For an article in keeping with the concerns of the Centre of Theology and Philosophy, please see “Beyond Bits, Memes and Utility Machines: A Theology of Intellectual Property as Social Relations,”  by David W. Opderbeck, Professor of Law, Seton Hall University School of Law. This was originally published in University of St. Thomas Law Journal 10, no. 3 (Article 8; 2013): 738-73.
Excerpt from the Introduction:
“Intellectual property is about human persons, human cultures, and human ideas. Persons, cultures, and ideas are more than epiphenomena of matter. Persons are more than utility maximizing machines; cultures are more than the sum of individual human beings or ideas, and ideas are more than discrete bits of unrelated data. Any theory of intellectual property that reduces human persons, human ideas, and human cultures to bits, memes, and utility machines will prove inadequate.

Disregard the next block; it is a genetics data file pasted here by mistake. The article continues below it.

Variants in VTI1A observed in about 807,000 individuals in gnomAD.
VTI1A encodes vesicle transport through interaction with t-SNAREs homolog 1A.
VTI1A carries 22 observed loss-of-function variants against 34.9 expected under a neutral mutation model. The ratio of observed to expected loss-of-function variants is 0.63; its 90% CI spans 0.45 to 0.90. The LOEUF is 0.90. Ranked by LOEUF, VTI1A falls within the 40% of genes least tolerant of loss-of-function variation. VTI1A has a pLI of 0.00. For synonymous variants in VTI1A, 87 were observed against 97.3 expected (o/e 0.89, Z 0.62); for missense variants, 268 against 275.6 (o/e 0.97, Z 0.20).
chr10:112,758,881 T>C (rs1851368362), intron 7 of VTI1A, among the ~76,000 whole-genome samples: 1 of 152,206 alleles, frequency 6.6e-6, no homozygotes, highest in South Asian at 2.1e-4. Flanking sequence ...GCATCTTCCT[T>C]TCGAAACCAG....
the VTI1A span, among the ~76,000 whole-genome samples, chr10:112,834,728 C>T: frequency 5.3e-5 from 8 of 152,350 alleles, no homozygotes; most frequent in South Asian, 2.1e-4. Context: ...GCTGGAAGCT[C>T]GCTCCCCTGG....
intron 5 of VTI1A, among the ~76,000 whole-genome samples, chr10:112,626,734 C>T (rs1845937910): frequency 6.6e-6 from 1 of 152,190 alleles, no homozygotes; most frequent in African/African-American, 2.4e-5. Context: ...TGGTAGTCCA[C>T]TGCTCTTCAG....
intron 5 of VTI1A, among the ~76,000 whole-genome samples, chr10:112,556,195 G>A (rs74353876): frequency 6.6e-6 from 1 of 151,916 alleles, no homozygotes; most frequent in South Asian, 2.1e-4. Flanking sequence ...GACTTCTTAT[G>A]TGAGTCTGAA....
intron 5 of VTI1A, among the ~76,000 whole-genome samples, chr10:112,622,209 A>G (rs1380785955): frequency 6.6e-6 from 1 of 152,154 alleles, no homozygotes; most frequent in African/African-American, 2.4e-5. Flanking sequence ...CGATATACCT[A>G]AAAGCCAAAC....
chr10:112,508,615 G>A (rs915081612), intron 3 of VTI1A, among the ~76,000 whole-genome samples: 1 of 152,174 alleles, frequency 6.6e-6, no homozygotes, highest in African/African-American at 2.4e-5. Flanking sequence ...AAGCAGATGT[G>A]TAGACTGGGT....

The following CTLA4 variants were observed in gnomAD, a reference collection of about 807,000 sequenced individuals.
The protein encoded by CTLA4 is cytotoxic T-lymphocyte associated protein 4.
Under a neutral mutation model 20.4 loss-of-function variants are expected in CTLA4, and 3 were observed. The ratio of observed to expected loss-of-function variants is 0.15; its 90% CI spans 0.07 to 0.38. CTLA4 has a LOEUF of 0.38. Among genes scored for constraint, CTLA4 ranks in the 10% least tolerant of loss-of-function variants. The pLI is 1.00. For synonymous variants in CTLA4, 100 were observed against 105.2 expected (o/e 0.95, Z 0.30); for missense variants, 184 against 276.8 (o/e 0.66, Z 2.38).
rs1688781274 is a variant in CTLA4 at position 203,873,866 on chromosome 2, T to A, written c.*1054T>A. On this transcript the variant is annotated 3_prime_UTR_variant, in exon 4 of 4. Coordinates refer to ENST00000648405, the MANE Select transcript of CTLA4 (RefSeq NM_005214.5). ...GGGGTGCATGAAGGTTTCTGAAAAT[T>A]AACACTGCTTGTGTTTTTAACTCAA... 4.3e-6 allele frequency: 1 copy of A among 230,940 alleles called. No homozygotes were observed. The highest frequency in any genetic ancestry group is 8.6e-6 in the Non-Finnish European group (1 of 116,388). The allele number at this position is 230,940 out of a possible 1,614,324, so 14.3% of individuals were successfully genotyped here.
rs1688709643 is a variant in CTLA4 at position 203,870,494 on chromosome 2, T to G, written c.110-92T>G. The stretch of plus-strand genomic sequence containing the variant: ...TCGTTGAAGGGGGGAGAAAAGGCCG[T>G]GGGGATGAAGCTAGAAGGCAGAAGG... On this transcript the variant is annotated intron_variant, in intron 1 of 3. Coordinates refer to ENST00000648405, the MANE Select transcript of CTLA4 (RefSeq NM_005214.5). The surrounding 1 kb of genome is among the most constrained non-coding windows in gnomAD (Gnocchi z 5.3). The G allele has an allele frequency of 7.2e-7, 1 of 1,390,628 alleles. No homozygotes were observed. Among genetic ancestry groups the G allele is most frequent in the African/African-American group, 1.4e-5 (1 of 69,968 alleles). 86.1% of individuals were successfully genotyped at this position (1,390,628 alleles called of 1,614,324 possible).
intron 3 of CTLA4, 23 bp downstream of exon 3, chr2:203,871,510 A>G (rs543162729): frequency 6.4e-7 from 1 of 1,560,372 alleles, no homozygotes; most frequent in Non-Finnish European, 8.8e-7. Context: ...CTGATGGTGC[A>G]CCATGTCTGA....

“This is a problem because prevailing economic and critical theories of intellectual property are reductionistic in exactly this way. Nothing but preferences and power remain. Such theories lack any meaningful ontology either of persons or of information. We need a better theory with a richer ontology. Intellectual property needs a metaphysic of the relation between human persons, cultures, and ideas. […]”
Read the rest here  [PDF]